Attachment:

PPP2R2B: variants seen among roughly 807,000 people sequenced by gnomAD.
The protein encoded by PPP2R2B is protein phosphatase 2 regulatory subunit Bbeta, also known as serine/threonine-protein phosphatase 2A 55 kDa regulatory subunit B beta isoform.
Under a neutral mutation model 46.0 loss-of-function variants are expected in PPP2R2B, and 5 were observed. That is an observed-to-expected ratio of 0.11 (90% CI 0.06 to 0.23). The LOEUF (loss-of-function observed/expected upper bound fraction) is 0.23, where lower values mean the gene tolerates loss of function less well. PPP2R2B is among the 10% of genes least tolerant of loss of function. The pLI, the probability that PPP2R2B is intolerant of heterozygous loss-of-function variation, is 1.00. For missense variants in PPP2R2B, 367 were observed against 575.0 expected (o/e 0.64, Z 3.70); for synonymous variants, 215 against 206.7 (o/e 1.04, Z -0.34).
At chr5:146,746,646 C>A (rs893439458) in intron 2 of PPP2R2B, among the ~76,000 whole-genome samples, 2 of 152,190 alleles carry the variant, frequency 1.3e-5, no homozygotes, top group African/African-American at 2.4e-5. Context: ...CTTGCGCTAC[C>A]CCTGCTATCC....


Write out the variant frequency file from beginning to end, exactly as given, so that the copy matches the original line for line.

PPP2R2B: variants seen among roughly 807,000 people sequenced by gnomAD.
The protein encoded by PPP2R2B is protein phosphatase 2 regulatory subunit Bbeta, also known as serine/threonine-protein phosphatase 2A 55 kDa regulatory subunit B beta isoform.
Under a neutral mutation model 46.0 loss-of-function variants are expected in PPP2R2B, and 5 were observed. That is an observed-to-expected ratio of 0.11 (90% CI 0.06 to 0.23). The LOEUF (loss-of-function observed/expected upper bound fraction) is 0.23, where lower values mean the gene tolerates loss of function less well. PPP2R2B is among the 10% of genes least tolerant of loss of function. The pLI, the probability that PPP2R2B is intolerant of heterozygous loss-of-function variation, is 1.00. For missense variants in PPP2R2B, 367 were observed against 575.0 expected (o/e 0.64, Z 3.70); for synonymous variants, 215 against 206.7 (o/e 1.04, Z -0.34).
At chr5:146,746,646 C>A (rs893439458) in intron 2 of PPP2R2B, among the ~76,000 whole-genome samples, 2 of 152,190 alleles carry the variant, frequency 1.3e-5, no homozygotes, top group African/African-American at 2.4e-5. Context: ...CTTGCGCTAC[C>A]CCTGCTATCC....